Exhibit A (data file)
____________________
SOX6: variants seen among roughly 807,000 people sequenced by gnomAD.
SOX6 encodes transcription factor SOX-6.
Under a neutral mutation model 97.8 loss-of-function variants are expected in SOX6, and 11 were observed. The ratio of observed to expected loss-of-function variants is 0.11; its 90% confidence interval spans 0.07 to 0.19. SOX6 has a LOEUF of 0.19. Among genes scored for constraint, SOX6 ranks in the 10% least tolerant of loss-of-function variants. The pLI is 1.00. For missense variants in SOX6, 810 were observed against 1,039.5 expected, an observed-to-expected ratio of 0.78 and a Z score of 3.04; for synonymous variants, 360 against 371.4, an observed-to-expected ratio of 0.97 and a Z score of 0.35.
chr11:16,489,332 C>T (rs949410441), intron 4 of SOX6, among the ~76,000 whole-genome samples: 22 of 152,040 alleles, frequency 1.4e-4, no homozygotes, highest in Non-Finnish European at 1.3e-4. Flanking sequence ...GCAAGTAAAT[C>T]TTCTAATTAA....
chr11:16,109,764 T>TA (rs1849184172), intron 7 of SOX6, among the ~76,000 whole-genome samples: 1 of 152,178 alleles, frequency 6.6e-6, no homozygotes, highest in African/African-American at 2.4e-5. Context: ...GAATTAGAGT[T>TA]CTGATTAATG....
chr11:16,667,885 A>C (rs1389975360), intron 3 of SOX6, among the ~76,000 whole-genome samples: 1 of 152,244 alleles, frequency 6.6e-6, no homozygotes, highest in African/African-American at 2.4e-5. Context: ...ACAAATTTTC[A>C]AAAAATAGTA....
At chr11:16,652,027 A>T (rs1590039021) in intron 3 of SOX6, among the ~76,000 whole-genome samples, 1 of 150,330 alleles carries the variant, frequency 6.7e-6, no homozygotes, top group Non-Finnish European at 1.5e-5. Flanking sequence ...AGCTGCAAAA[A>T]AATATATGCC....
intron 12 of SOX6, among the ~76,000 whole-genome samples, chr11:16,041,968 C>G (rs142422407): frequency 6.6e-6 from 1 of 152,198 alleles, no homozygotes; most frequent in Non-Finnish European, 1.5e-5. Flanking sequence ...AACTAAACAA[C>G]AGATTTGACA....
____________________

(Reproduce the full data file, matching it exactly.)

SOX6: variants seen among roughly 807,000 people sequenced by gnomAD.
SOX6 encodes transcription factor SOX-6.
Under a neutral mutation model 97.8 loss-of-function variants are expected in SOX6, and 11 were observed. The ratio of observed to expected loss-of-function variants is 0.11; its 90% confidence interval spans 0.07 to 0.19. SOX6 has a LOEUF of 0.19. Among genes scored for constraint, SOX6 ranks in the 10% least tolerant of loss-of-function variants. The pLI is 1.00. For missense variants in SOX6, 810 were observed against 1,039.5 expected, an observed-to-expected ratio of 0.78 and a Z score of 3.04; for synonymous variants, 360 against 371.4, an observed-to-expected ratio of 0.97 and a Z score of 0.35.
chr11:16,489,332 C>T (rs949410441), intron 4 of SOX6, among the ~76,000 whole-genome samples: 22 of 152,040 alleles, frequency 1.4e-4, no homozygotes, highest in Non-Finnish European at 1.3e-4. Flanking sequence ...GCAAGTAAAT[C>T]TTCTAATTAA....
chr11:16,109,764 T>TA (rs1849184172), intron 7 of SOX6, among the ~76,000 whole-genome samples: 1 of 152,178 alleles, frequency 6.6e-6, no homozygotes, highest in African/African-American at 2.4e-5. Context: ...GAATTAGAGT[T>TA]CTGATTAATG....
chr11:16,667,885 A>C (rs1389975360), intron 3 of SOX6, among the ~76,000 whole-genome samples: 1 of 152,244 alleles, frequency 6.6e-6, no homozygotes, highest in African/African-American at 2.4e-5. Context: ...ACAAATTTTC[A>C]AAAAATAGTA....
At chr11:16,652,027 A>T (rs1590039021) in intron 3 of SOX6, among the ~76,000 whole-genome samples, 1 of 150,330 alleles carries the variant, frequency 6.7e-6, no homozygotes, top group Non-Finnish European at 1.5e-5. Flanking sequence ...AGCTGCAAAA[A>T]AATATATGCC....
intron 12 of SOX6, among the ~76,000 whole-genome samples, chr11:16,041,968 C>G (rs142422407): frequency 6.6e-6 from 1 of 152,198 alleles, no homozygotes; most frequent in Non-Finnish European, 1.5e-5. Flanking sequence ...AACTAAACAA[C>G]AGATTTGACA....